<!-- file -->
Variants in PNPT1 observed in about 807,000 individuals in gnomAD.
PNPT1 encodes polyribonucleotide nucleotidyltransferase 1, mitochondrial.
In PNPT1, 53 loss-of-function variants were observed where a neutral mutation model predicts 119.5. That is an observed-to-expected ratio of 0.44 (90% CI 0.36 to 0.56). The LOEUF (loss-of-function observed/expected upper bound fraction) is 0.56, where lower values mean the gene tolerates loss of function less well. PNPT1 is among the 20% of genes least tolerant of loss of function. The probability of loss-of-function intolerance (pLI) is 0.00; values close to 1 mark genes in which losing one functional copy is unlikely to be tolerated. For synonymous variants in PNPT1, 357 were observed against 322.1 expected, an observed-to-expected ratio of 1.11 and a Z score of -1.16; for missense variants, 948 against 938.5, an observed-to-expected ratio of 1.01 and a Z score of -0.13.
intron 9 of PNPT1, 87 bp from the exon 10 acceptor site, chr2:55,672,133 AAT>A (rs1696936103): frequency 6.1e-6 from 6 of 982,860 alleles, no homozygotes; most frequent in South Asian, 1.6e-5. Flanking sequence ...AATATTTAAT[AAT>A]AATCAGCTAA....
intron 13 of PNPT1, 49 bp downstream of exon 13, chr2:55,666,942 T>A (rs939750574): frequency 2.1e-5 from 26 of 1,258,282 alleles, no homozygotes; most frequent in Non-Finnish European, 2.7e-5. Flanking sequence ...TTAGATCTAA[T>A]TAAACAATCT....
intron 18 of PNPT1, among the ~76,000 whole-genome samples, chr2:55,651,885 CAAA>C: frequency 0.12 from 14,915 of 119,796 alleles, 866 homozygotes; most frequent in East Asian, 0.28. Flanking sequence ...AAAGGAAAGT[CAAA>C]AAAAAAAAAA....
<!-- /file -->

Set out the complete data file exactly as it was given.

Variants in PNPT1 observed in about 807,000 individuals in gnomAD.
PNPT1 encodes polyribonucleotide nucleotidyltransferase 1, mitochondrial.
In PNPT1, 53 loss-of-function variants were observed where a neutral mutation model predicts 119.5. That is an observed-to-expected ratio of 0.44 (90% CI 0.36 to 0.56). The LOEUF (loss-of-function observed/expected upper bound fraction) is 0.56, where lower values mean the gene tolerates loss of function less well. PNPT1 is among the 20% of genes least tolerant of loss of function. The probability of loss-of-function intolerance (pLI) is 0.00; values close to 1 mark genes in which losing one functional copy is unlikely to be tolerated. For synonymous variants in PNPT1, 357 were observed against 322.1 expected, an observed-to-expected ratio of 1.11 and a Z score of -1.16; for missense variants, 948 against 938.5, an observed-to-expected ratio of 1.01 and a Z score of -0.13.
intron 9 of PNPT1, 87 bp from the exon 10 acceptor site, chr2:55,672,133 AAT>A (rs1696936103): frequency 6.1e-6 from 6 of 982,860 alleles, no homozygotes; most frequent in South Asian, 1.6e-5. Flanking sequence ...AATATTTAAT[AAT>A]AATCAGCTAA....
intron 13 of PNPT1, 49 bp downstream of exon 13, chr2:55,666,942 T>A (rs939750574): frequency 2.1e-5 from 26 of 1,258,282 alleles, no homozygotes; most frequent in Non-Finnish European, 2.7e-5. Flanking sequence ...TTAGATCTAA[T>A]TAAACAATCT....
intron 18 of PNPT1, among the ~76,000 whole-genome samples, chr2:55,651,885 CAAA>C: frequency 0.12 from 14,915 of 119,796 alleles, 866 homozygotes; most frequent in East Asian, 0.28. Flanking sequence ...AAAGGAAAGT[CAAA>C]AAAAAAAAAA....